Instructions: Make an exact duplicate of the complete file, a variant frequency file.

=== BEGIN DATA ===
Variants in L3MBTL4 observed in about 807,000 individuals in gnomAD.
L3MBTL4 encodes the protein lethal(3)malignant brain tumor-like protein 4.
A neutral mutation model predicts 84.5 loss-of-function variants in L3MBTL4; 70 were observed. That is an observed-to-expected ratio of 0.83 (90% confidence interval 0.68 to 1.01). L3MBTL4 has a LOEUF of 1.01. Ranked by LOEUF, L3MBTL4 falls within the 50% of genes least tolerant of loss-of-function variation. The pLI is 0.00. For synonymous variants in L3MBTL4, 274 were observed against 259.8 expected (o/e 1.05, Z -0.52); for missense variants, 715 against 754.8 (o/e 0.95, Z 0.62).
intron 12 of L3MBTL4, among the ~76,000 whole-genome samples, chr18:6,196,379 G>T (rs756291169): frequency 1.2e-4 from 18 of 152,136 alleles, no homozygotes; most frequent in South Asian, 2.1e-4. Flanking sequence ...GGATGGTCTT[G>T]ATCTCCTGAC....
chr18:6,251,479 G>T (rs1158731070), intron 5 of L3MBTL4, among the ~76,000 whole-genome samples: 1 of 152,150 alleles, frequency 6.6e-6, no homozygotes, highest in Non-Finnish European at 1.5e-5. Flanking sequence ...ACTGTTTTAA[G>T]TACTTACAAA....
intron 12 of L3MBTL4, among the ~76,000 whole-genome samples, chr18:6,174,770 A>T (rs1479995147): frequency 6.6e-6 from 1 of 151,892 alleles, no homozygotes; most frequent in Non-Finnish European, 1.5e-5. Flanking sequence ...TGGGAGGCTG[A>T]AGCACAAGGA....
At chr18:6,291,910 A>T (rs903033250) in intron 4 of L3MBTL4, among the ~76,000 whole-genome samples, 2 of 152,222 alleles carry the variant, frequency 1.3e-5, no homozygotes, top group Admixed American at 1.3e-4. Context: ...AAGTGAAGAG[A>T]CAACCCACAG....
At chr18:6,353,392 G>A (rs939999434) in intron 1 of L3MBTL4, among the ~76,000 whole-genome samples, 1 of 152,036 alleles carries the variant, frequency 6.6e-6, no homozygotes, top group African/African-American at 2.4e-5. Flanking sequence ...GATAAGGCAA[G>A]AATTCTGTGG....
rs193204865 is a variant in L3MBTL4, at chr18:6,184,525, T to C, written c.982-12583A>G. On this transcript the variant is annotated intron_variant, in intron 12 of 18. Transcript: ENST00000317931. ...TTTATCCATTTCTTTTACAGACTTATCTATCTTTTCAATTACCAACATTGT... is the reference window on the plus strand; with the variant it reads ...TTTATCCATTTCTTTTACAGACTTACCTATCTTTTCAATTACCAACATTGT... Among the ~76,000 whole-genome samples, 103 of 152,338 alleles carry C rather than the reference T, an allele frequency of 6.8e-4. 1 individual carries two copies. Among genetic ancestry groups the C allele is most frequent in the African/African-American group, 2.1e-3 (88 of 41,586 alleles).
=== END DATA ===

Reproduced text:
Variants in L3MBTL4 observed in about 807,000 individuals in gnomAD.
L3MBTL4 encodes the protein lethal(3)malignant brain tumor-like protein 4.
A neutral mutation model predicts 84.5 loss-of-function variants in L3MBTL4; 70 were observed. That is an observed-to-expected ratio of 0.83 (90% confidence interval 0.68 to 1.01). L3MBTL4 has a LOEUF of 1.01. Ranked by LOEUF, L3MBTL4 falls within the 50% of genes least tolerant of loss-of-function variation. The pLI is 0.00. For synonymous variants in L3MBTL4, 274 were observed against 259.8 expected (o/e 1.05, Z -0.52); for missense variants, 715 against 754.8 (o/e 0.95, Z 0.62).
intron 12 of L3MBTL4, among the ~76,000 whole-genome samples, chr18:6,196,379 G>T (rs756291169): frequency 1.2e-4 from 18 of 152,136 alleles, no homozygotes; most frequent in South Asian, 2.1e-4. Flanking sequence ...GGATGGTCTT[G>T]ATCTCCTGAC....
chr18:6,251,479 G>T (rs1158731070), intron 5 of L3MBTL4, among the ~76,000 whole-genome samples: 1 of 152,150 alleles, frequency 6.6e-6, no homozygotes, highest in Non-Finnish European at 1.5e-5. Flanking sequence ...ACTGTTTTAA[G>T]TACTTACAAA....
intron 12 of L3MBTL4, among the ~76,000 whole-genome samples, chr18:6,174,770 A>T (rs1479995147): frequency 6.6e-6 from 1 of 151,892 alleles, no homozygotes; most frequent in Non-Finnish European, 1.5e-5. Flanking sequence ...TGGGAGGCTG[A>T]AGCACAAGGA....
At chr18:6,291,910 A>T (rs903033250) in intron 4 of L3MBTL4, among the ~76,000 whole-genome samples, 2 of 152,222 alleles carry the variant, frequency 1.3e-5, no homozygotes, top group Admixed American at 1.3e-4. Context: ...AAGTGAAGAG[A>T]CAACCCACAG....
At chr18:6,353,392 G>A (rs939999434) in intron 1 of L3MBTL4, among the ~76,000 whole-genome samples, 1 of 152,036 alleles carries the variant, frequency 6.6e-6, no homozygotes, top group African/African-American at 2.4e-5. Flanking sequence ...GATAAGGCAA[G>A]AATTCTGTGG....
rs193204865 is a variant in L3MBTL4, at chr18:6,184,525, T to C, written c.982-12583A>G. On this transcript the variant is annotated intron_variant, in intron 12 of 18. Transcript: ENST00000317931. ...TTTATCCATTTCTTTTACAGACTTATCTATCTTTTCAATTACCAACATTGT... is the reference window on the plus strand; with the variant it reads ...TTTATCCATTTCTTTTACAGACTTACCTATCTTTTCAATTACCAACATTGT... Among the ~76,000 whole-genome samples, 103 of 152,338 alleles carry C rather than the reference T, an allele frequency of 6.8e-4. 1 individual carries two copies. Among genetic ancestry groups the C allele is most frequent in the African/African-American group, 2.1e-3 (88 of 41,586 alleles).